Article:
Your postdoctoral experience is ripe with opportunity – and equally full of demands. Hear advice from other postdocs on how you can get the most of your experience by staying inspired and producing results.
What else can people do to get the most out of their postdoctoral fellowship? Share your advice in the discussion below.
Jean-Francois Gariepy, PhD
Jean-François Gariépy is the host and creator of NEURO.tv. In 2012, he completed a PhD on the neural basis of respiratory and locomotor control at the Université de Montréal. Francois Gariepy co-directed the Kickstarter campaign to fund NEURO.tv, and is active on Twitter.
Sherilynn Black, PhD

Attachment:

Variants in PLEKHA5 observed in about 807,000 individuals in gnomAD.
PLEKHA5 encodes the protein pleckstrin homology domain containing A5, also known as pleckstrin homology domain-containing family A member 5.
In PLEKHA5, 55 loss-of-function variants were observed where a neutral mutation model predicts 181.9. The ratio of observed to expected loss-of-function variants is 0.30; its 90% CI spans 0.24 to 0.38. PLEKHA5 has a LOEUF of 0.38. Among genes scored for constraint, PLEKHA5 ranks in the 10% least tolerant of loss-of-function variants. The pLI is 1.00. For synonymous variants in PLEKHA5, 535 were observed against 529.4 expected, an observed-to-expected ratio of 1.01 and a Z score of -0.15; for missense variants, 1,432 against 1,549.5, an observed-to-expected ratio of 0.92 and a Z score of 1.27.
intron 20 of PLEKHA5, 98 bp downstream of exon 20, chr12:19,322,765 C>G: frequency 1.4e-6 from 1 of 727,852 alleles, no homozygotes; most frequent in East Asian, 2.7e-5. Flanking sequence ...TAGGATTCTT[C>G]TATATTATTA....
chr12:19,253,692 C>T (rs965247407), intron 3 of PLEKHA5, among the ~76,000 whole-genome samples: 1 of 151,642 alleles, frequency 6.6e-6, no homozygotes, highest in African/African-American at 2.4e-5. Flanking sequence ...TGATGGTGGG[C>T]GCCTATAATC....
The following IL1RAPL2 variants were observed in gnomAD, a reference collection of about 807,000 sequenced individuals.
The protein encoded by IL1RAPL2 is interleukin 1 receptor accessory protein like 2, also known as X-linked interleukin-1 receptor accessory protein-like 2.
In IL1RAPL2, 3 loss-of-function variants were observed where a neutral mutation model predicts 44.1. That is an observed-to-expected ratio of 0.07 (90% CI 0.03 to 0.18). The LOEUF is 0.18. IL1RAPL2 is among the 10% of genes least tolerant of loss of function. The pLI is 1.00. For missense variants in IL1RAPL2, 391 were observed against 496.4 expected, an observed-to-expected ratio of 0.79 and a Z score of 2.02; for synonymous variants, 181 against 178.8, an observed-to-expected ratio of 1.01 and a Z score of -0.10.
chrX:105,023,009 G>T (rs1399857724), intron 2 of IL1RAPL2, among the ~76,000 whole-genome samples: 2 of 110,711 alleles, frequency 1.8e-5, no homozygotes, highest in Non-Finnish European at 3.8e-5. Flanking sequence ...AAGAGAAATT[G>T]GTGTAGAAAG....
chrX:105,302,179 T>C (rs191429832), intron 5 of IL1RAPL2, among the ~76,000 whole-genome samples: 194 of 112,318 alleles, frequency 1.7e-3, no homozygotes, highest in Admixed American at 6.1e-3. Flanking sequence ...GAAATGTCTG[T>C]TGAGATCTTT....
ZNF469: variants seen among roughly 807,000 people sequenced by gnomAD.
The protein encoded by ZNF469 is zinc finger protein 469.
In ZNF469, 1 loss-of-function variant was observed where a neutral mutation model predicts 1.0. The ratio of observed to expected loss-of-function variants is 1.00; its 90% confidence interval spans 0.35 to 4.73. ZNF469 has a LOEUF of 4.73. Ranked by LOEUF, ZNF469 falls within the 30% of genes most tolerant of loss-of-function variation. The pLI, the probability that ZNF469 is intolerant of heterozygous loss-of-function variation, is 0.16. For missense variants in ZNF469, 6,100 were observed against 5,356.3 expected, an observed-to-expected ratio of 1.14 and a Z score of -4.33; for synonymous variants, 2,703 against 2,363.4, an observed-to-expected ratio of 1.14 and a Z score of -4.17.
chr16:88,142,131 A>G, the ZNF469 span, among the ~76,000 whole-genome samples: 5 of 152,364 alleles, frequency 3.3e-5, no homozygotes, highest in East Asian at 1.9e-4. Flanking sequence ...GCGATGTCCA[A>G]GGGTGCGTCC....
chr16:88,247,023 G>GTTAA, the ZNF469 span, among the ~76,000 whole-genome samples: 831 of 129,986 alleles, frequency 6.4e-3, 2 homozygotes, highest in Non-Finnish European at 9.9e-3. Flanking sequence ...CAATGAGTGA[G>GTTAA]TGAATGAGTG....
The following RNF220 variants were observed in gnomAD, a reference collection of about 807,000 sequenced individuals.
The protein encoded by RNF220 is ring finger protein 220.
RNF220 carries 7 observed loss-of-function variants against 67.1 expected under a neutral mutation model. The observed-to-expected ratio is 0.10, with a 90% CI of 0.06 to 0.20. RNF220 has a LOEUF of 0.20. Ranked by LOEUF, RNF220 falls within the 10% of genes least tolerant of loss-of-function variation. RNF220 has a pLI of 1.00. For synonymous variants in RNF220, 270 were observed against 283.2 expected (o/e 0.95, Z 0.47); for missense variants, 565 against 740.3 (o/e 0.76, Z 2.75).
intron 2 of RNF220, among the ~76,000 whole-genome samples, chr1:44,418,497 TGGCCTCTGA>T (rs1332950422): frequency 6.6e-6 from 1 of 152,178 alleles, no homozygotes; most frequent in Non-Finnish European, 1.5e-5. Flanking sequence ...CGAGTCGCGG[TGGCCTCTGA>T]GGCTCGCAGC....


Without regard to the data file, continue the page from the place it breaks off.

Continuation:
Sherilynn Black is an assistant professor in the Practice in Medical Education in the Duke University School of Medicine. She completed her BS in psychology (biology minor) as a Morehead-Cain Scholar at the University of North Carolina at Chapel Hill (UNC-Chapel Hill) and graduated with highest honors. She then completed her PhD in the department of neurobiology at Duke University and completed additional studies at UNC-Chapel Hill’s School of Education . Her current research focuses on identifying the common variables associated with successful STEM student-development interventions in higher education, and in creating computational models that are predictive of the success of higher education intervention programs. Sherilynn currently serves as the founding director of the Office of Biomedical Graduate Diversity at Duke University School of Medicine. Her office works to bring talented underrepresented graduate students to Duke and enrich their doctoral study experiences through professional development, academic enrichment, mentoring, and cohort-formation programs and activities. Sherilynn is also a co-principal investigator of the Duke Initiative for Maximizing Student Development (IMSD) program, referred to as the Duke Biosciences Collaborative for Research Engagement (BioCoRE). Duke BioCoRE provides mentoring and scientific engagement opportunities for talented and diverse undergraduate and graduate students in the biomedical and behavioral sciences. At Duke, Sherilynn also serves as a member of the President's Council on Black Affairs, co-advisor for the Duke Chapter of the Society for the Advancement of Chicanos and Native Americans in Science, faculty advisor for the Duke Bridges to the Doctorate Program, and faculty affiliate for the Duke Center for Science Education. Sherilynn is deeply engaged in promoting STEM diversity efforts on a national level. She currently serves as a faculty stakeholder in SfN’s Neuroscience Scholars Program and as a member of SfN’s Professional Development Committee and Online Programs Steering Committee. Sherilynn is also an appointed member of the Association of American Medical Colleges’ Group on Graduate Research, Education, and Training. She works with NIH to lead national workshops on diversity initiatives in the basic sciences.